If your query performance is unsatisfactory, remember that methods are available to help you improve it. You may want to:
Modify the database structure
Gather up-to-date statistics
Rewrite the query
Use optimizer hints to control the execution plan
Database structure modifications usually involve the creation of indexes. It's important to have the proper indexes to support your queries, but indexes aren't always the answer to poor performance. Other structural changes include separating table data and index data onto separate disks, spreading data over multiple disks, partitioning the data, and clustering data. However, these changes aren't likely to improve performance dramatically if you have a poorly written query to begin with.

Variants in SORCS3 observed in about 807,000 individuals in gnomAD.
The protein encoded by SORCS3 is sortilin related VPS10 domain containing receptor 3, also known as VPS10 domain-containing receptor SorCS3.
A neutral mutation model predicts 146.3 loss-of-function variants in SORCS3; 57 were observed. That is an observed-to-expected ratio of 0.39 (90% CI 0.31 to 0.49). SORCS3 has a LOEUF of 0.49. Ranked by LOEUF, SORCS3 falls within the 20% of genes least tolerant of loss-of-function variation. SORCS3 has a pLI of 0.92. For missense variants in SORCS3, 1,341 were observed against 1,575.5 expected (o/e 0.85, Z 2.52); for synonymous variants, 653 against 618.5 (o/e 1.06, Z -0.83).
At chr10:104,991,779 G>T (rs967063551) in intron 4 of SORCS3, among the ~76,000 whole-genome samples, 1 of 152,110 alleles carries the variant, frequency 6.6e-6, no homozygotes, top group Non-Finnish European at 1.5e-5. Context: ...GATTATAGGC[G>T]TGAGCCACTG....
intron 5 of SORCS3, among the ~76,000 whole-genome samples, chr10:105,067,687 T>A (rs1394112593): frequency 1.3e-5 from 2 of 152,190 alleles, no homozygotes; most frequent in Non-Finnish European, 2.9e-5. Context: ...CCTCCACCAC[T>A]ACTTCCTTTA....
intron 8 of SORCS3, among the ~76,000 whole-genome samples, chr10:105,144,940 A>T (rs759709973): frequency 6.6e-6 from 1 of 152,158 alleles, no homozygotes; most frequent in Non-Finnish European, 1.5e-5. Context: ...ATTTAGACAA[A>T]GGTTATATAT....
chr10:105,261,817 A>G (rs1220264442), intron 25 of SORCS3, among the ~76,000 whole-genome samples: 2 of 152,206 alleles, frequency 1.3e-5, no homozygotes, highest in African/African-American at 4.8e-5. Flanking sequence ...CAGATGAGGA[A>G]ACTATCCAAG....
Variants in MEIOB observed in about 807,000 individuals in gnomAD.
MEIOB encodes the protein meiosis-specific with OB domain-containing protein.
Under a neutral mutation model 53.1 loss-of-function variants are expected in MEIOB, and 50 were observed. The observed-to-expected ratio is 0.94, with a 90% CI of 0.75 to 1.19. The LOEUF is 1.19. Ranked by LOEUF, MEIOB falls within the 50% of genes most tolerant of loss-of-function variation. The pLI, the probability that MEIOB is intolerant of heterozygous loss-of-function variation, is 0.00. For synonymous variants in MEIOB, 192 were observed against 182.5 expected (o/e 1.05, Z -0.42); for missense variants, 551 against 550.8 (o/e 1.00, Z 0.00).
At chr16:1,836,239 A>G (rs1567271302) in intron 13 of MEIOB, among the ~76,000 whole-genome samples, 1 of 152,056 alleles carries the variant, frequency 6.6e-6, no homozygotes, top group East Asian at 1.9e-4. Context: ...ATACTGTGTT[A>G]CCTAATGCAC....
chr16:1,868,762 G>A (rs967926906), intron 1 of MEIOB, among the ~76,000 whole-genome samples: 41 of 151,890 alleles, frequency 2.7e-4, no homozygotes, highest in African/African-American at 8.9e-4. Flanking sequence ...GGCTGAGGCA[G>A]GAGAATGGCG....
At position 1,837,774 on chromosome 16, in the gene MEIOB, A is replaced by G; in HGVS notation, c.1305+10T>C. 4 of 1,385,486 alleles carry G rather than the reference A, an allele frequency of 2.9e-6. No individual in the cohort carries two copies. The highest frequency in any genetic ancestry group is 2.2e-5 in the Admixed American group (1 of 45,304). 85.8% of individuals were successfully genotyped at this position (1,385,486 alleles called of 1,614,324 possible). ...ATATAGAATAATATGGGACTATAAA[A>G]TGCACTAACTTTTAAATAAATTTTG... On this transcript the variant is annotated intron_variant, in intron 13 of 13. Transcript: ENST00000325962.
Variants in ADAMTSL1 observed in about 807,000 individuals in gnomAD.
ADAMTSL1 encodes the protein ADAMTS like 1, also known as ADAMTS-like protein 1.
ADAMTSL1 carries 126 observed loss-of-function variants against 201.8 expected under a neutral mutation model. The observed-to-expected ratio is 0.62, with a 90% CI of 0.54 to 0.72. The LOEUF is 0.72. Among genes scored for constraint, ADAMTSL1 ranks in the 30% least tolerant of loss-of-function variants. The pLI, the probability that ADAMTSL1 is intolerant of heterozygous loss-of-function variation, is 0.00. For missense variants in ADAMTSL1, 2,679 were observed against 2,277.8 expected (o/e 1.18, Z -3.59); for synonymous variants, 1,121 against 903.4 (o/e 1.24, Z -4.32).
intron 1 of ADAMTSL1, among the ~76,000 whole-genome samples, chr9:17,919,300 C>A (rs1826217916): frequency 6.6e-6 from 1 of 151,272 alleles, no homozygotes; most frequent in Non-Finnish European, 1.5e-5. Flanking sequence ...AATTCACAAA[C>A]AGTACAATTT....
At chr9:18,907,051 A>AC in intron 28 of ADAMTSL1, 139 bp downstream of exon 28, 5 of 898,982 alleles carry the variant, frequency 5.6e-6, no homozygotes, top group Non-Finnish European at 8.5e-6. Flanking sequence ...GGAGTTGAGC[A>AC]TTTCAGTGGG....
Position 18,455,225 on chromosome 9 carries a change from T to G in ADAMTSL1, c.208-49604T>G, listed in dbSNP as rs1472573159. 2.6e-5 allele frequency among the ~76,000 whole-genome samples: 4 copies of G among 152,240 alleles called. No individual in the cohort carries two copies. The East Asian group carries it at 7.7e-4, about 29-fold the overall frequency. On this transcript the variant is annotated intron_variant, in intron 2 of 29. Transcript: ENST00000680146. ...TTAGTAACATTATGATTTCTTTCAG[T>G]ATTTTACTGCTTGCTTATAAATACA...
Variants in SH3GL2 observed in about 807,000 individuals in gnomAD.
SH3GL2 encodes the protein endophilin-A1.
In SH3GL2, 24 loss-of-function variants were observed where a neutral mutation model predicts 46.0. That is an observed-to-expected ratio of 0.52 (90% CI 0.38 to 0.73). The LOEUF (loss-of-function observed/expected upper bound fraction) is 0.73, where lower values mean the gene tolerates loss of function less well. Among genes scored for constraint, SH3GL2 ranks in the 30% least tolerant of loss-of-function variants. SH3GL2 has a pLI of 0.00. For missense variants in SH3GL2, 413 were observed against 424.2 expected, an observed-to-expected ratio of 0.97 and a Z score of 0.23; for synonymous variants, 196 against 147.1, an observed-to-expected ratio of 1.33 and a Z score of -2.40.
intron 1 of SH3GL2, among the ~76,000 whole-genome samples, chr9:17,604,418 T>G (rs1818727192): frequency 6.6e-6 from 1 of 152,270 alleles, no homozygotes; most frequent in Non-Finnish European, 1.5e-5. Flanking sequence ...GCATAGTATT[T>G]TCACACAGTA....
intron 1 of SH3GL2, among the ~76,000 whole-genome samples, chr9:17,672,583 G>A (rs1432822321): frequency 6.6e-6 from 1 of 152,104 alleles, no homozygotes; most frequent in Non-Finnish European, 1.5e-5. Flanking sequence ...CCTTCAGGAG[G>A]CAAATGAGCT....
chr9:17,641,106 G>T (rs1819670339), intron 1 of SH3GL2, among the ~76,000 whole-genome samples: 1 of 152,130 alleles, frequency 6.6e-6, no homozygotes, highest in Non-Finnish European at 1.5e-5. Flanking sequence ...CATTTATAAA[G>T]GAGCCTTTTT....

If the cost-based optimizer is in use, then table and index statistics play a large role in determining the execution plan that Oracle will use for any given statement. It's important that there be a set of statistics that results in the generation of good execution plans. In theory, up-to-date statistics that reflect the data accurately would always result in the best execution plans. In practice, occasional performance drops have been experienced after analyzing tables. Oracle8i actually includes a feature that allows the import of an arbitrary set of statistics to serve as the basis for optimizer-generated execution plans.